This house has a flat roof. The current owner uses drop ceiling in
many places so that he can route wiring, AC ducts and electrical and
lighting outlets through the roof. I don't like panelled drop ceiling
so if I get this house I will be removing them.
Which means I will have to find another way to route wires and ducts on
top. The roof has very little room a few inches with insulation that's
all. The second story on the left side actually has an exterior door
where it opens and one can walk on top of the flat roof.
What I am wondering is how easy will it be to build a new flat roof on
top of the existing flat roof (but elevated 24" or so higher) so we can
use that room to route wires and ducts. Then I can cover the roof with
flooring material (tiles or slates?) and put railings around it's
perimeter so the roof becomes a sun deck.
Will this be a prohibitively expensive project to do? How would I
determine if I can put new flooring on the roof - whether it was
designed to take this added weight or for someone to walk on? Any
I know this is probably more a question for a contractor, but this is a
house I plan on putting an offer on and I need to get as much
information as possible about what can and cannot be done.
Thanks in advance,
Too much change for just a cosmetic concern. Find a house you like better
and spend your money and efforts on something you will enjoy and will pay
back big like a fancy bathroom or a really nice kitchen.
Sounds like it would cost every bit as much as tearing the roof off and
building a new one from scratch. It can be done but it is a major
renovation for modist gain. Might as well raise it 8 feet, the extra cost
of lumber for the walls might not be such an add on but the extra SF added
to the house would push the permit price significantly higher and result in
a major tax reassessment.
The load carrying ability of a flat roof is largely determined by the size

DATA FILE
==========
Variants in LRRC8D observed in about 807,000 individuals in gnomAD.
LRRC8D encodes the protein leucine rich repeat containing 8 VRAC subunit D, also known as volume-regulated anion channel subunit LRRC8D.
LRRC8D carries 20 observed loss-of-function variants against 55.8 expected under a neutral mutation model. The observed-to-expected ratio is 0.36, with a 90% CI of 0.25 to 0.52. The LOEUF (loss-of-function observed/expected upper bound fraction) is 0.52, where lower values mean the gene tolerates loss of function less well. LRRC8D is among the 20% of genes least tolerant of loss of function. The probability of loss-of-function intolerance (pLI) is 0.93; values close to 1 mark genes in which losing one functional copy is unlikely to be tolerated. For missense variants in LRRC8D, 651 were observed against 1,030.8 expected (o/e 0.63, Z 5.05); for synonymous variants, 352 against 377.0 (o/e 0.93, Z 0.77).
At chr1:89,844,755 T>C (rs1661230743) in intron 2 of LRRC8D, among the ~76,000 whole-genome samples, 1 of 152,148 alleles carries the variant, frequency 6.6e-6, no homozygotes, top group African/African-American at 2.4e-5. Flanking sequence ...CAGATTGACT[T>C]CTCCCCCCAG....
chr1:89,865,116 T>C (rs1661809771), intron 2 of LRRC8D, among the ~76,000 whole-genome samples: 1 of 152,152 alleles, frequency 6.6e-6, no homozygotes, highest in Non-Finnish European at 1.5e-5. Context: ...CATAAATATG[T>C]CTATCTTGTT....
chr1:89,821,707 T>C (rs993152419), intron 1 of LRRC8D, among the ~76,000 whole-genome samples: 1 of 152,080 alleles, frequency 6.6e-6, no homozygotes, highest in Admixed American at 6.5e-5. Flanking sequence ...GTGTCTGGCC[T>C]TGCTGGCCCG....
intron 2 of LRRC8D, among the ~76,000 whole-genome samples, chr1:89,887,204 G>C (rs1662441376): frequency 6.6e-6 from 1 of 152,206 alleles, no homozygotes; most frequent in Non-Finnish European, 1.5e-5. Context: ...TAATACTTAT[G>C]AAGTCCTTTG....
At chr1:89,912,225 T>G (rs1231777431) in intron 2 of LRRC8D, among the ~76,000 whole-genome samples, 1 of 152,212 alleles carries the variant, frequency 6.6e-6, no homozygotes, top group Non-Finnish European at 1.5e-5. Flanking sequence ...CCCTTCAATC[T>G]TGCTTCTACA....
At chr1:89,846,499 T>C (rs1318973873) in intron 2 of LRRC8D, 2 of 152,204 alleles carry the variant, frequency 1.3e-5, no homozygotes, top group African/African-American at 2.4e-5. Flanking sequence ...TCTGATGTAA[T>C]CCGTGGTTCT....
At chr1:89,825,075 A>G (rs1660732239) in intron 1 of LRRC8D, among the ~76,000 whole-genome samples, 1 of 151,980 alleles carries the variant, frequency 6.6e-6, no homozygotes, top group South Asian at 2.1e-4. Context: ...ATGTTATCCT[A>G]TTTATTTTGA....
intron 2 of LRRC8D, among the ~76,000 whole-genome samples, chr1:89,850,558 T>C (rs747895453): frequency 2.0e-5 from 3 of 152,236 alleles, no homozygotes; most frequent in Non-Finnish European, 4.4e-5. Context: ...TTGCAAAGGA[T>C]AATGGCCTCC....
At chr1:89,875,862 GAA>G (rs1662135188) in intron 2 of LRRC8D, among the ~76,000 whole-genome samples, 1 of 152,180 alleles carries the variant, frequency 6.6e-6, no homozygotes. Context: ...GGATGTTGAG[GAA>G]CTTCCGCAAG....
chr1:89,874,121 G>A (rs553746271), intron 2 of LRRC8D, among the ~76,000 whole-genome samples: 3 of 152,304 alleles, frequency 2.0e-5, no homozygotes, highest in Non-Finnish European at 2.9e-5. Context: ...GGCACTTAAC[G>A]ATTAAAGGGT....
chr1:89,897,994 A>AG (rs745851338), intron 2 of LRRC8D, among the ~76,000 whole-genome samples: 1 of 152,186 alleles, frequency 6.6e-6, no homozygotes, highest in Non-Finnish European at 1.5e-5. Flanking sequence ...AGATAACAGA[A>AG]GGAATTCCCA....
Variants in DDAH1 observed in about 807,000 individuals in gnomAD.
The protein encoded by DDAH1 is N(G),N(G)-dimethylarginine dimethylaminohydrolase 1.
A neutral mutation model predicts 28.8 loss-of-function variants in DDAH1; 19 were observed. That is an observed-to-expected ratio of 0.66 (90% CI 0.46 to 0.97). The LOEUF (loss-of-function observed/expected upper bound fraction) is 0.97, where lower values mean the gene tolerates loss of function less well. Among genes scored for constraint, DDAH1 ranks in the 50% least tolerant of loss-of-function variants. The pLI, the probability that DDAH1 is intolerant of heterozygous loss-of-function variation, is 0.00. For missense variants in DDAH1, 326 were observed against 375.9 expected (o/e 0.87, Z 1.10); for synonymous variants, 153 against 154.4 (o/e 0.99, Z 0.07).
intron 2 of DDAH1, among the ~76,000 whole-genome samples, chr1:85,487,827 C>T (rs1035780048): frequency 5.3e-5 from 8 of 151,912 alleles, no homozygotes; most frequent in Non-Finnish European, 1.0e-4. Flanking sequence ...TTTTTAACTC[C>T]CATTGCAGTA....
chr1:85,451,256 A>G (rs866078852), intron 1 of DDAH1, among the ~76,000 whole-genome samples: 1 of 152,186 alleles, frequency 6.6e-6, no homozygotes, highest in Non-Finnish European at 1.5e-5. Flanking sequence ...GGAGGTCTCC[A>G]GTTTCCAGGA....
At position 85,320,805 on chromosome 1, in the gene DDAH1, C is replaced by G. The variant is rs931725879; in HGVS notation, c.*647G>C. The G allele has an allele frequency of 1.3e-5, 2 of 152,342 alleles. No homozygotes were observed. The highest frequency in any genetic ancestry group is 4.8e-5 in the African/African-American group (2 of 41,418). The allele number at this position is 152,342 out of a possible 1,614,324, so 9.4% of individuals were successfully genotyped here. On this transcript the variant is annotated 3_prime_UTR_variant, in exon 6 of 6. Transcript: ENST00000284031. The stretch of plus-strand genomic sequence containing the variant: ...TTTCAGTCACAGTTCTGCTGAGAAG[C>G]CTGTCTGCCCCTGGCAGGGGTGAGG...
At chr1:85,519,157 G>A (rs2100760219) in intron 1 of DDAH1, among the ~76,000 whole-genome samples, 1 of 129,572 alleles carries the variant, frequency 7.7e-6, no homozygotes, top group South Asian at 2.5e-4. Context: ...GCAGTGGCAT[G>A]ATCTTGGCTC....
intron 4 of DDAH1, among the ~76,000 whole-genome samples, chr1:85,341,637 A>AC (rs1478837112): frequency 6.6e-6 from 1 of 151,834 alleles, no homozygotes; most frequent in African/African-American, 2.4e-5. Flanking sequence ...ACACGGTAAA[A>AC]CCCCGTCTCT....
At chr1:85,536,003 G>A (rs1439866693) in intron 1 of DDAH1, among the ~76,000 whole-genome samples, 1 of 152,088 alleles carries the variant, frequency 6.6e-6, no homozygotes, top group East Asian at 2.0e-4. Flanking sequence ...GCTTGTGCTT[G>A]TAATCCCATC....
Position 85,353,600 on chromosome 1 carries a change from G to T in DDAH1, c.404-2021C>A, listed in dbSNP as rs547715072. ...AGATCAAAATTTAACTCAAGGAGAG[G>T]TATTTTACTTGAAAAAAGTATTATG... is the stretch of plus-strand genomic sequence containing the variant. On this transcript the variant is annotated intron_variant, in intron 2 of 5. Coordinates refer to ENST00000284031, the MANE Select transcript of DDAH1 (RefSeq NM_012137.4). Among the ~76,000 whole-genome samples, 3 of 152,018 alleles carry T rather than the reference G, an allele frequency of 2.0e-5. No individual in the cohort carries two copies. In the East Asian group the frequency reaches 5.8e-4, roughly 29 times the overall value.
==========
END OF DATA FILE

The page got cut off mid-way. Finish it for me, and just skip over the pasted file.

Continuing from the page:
of the joists and the span they need to cross. Normally a roof only carries
a static load, so to stabalize it for a dynamic load like people walking (so
it does not wiggle or make too much noise in the house) would require
additional bracing and stronger decking than normal.
With a careful design - one that pays attention to high winds,
flashing, drainage, and load paths - it might be done.
The problem is one for a really careful contractor or IMHO for a
The new roof surface will be higher than the existing roof surface and
so access to it has to be considered.
Code requirements and documentation for a building permit are
This does not follow. If you have the available headroom, you could
just as easily take down the drop-ceiling, and build a sheetrock
ceiling at the same height.
But if you want to make the roof walkable, don't like the ceiling,
and hate the mis-named "mansard" bit, then by the time you fix
everything peicemeal, you'll be better off just taking the
whole roof off and building what you want.
evidence of old water leaks. The drop ceiling, and the exterior door opening
from second floor, tell me there likely was a deck up there (probably just
planks on sleepers), and the original hot-mop roof started leaking under the
sleepers. Did house have central a/c when built, or wall units? House looks
early 1960s, so wiring would have been minimal by modern standards, and if
it was an beam-and-T&G ceiling, any hanging lights would likely have been
fed by raceway, or a notch on the top of the beam, or possible box-section
faux beams. To replace the the tiles, you can always go to a high-velocity
duct system, and fit it all in a 2x6 framing grid, covered with drywall,
jammed up tight to the old ceiling.
But like the others said, you need a site survey by a qualified architect or
engineer, to determine what is actually there, and what changes are
realistically possible. Unless bidders are lining up, the seller shouldn't
care about a non-destructive inspection.
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